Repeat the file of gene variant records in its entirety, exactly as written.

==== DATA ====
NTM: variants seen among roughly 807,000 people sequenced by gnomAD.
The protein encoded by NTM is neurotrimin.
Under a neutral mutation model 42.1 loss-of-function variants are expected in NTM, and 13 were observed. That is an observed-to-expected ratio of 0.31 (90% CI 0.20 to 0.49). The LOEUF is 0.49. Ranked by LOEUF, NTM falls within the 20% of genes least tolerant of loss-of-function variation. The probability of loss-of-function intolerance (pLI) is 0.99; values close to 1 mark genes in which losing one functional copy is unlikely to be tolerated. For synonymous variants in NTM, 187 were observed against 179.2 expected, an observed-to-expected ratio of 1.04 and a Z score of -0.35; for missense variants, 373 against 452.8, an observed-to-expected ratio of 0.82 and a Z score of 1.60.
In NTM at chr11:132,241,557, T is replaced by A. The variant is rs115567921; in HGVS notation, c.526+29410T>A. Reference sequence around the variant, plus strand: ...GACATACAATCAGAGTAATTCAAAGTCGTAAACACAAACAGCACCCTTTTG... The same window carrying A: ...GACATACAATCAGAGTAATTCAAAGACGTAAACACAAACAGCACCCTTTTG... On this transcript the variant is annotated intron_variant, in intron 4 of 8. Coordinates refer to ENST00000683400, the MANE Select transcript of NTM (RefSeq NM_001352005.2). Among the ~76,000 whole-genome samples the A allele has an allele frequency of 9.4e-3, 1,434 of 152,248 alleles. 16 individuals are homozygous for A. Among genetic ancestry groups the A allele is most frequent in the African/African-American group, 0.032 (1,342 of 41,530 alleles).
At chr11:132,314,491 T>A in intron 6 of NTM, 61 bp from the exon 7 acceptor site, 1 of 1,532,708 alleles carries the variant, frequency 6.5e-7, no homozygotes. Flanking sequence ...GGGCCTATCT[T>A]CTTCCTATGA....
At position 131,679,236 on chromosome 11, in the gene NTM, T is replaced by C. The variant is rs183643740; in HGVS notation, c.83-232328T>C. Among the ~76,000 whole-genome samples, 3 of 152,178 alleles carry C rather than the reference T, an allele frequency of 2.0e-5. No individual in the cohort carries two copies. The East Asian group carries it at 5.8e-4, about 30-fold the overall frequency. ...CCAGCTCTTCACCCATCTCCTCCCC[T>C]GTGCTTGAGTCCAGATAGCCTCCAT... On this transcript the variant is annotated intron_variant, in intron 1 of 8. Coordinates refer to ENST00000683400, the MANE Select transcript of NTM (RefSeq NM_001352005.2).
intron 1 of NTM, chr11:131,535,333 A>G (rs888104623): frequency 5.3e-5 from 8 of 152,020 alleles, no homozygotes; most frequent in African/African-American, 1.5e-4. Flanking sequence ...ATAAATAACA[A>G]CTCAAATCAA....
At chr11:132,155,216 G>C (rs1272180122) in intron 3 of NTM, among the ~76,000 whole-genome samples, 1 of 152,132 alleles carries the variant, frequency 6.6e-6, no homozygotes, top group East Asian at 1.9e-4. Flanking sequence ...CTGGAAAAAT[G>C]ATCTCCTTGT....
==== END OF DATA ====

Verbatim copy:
NTM: variants seen among roughly 807,000 people sequenced by gnomAD.
The protein encoded by NTM is neurotrimin.
Under a neutral mutation model 42.1 loss-of-function variants are expected in NTM, and 13 were observed. That is an observed-to-expected ratio of 0.31 (90% CI 0.20 to 0.49). The LOEUF is 0.49. Ranked by LOEUF, NTM falls within the 20% of genes least tolerant of loss-of-function variation. The probability of loss-of-function intolerance (pLI) is 0.99; values close to 1 mark genes in which losing one functional copy is unlikely to be tolerated. For synonymous variants in NTM, 187 were observed against 179.2 expected, an observed-to-expected ratio of 1.04 and a Z score of -0.35; for missense variants, 373 against 452.8, an observed-to-expected ratio of 0.82 and a Z score of 1.60.
In NTM at chr11:132,241,557, T is replaced by A. The variant is rs115567921; in HGVS notation, c.526+29410T>A. Reference sequence around the variant, plus strand: ...GACATACAATCAGAGTAATTCAAAGTCGTAAACACAAACAGCACCCTTTTG... The same window carrying A: ...GACATACAATCAGAGTAATTCAAAGACGTAAACACAAACAGCACCCTTTTG... On this transcript the variant is annotated intron_variant, in intron 4 of 8. Coordinates refer to ENST00000683400, the MANE Select transcript of NTM (RefSeq NM_001352005.2). Among the ~76,000 whole-genome samples the A allele has an allele frequency of 9.4e-3, 1,434 of 152,248 alleles. 16 individuals are homozygous for A. Among genetic ancestry groups the A allele is most frequent in the African/African-American group, 0.032 (1,342 of 41,530 alleles).
At chr11:132,314,491 T>A in intron 6 of NTM, 61 bp from the exon 7 acceptor site, 1 of 1,532,708 alleles carries the variant, frequency 6.5e-7, no homozygotes. Flanking sequence ...GGGCCTATCT[T>A]CTTCCTATGA....
At position 131,679,236 on chromosome 11, in the gene NTM, T is replaced by C. The variant is rs183643740; in HGVS notation, c.83-232328T>C. Among the ~76,000 whole-genome samples, 3 of 152,178 alleles carry C rather than the reference T, an allele frequency of 2.0e-5. No individual in the cohort carries two copies. The East Asian group carries it at 5.8e-4, about 30-fold the overall frequency. ...CCAGCTCTTCACCCATCTCCTCCCC[T>C]GTGCTTGAGTCCAGATAGCCTCCAT... On this transcript the variant is annotated intron_variant, in intron 1 of 8. Coordinates refer to ENST00000683400, the MANE Select transcript of NTM (RefSeq NM_001352005.2).
intron 1 of NTM, chr11:131,535,333 A>G (rs888104623): frequency 5.3e-5 from 8 of 152,020 alleles, no homozygotes; most frequent in African/African-American, 1.5e-4. Flanking sequence ...ATAAATAACA[A>G]CTCAAATCAA....
At chr11:132,155,216 G>C (rs1272180122) in intron 3 of NTM, among the ~76,000 whole-genome samples, 1 of 152,132 alleles carries the variant, frequency 6.6e-6, no homozygotes, top group East Asian at 1.9e-4. Flanking sequence ...CTGGAAAAAT[G>C]ATCTCCTTGT....